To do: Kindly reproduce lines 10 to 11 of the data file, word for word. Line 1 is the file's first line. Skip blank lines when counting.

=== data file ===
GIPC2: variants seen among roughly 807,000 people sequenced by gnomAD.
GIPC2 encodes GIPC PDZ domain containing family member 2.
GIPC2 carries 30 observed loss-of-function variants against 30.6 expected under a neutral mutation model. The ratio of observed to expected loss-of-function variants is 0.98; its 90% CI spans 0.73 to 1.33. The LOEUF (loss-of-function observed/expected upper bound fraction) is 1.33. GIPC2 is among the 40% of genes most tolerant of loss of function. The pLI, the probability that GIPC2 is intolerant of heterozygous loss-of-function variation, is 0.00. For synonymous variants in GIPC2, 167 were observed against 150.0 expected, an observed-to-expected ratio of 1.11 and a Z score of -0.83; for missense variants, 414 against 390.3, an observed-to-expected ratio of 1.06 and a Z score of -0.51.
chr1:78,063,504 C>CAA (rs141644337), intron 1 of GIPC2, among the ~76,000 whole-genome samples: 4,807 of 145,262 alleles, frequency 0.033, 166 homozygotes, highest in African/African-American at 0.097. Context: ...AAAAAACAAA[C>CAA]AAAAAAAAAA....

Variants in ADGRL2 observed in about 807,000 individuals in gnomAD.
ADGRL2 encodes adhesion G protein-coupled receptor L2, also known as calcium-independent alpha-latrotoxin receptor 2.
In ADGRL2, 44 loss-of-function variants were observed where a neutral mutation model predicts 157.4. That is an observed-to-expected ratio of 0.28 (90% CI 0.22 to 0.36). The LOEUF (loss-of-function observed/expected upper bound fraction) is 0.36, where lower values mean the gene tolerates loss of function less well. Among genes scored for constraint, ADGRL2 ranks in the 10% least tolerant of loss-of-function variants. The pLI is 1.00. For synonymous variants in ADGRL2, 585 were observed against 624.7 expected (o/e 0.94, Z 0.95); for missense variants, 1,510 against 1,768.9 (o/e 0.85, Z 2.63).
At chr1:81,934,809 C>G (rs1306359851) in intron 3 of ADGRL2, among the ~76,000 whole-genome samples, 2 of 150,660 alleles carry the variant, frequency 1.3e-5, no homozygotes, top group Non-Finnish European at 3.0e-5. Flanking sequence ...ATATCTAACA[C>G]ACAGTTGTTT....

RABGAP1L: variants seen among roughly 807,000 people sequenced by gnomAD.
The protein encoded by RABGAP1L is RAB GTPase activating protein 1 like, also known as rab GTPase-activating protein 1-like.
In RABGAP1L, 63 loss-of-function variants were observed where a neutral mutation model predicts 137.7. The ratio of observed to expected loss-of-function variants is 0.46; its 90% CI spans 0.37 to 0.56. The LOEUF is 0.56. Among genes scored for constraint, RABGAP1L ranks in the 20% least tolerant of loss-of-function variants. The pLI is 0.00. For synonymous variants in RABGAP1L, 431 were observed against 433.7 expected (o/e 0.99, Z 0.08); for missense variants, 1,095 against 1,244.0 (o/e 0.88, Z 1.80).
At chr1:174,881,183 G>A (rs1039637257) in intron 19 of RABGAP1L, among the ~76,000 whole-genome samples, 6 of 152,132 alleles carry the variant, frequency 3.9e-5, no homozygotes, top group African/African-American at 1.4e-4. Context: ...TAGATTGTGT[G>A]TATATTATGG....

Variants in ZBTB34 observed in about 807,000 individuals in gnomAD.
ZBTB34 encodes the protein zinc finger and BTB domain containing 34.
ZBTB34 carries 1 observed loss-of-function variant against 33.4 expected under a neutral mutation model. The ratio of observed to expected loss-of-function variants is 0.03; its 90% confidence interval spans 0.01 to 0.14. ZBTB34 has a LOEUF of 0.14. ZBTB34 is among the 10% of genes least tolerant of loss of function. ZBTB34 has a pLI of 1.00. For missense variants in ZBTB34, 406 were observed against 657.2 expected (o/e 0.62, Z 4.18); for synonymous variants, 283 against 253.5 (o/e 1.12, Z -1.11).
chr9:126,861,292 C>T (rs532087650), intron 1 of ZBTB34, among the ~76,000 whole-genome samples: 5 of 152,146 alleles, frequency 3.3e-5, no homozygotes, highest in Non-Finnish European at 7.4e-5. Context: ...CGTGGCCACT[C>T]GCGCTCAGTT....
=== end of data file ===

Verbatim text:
The protein encoded by RABGAP1L is RAB GTPase activating protein 1 like, also known as rab GTPase-activating protein 1-like.
In RABGAP1L, 63 loss-of-function variants were observed where a neutral mutation model predicts 137.7. The ratio of observed to expected loss-of-function variants is 0.46; its 90% CI spans 0.37 to 0.56. The LOEUF is 0.56. Among genes scored for constraint, RABGAP1L ranks in the 20% least tolerant of loss-of-function variants. The pLI is 0.00. For synonymous variants in RABGAP1L, 431 were observed against 433.7 expected (o/e 0.99, Z 0.08); for missense variants, 1,095 against 1,244.0 (o/e 0.88, Z 1.80).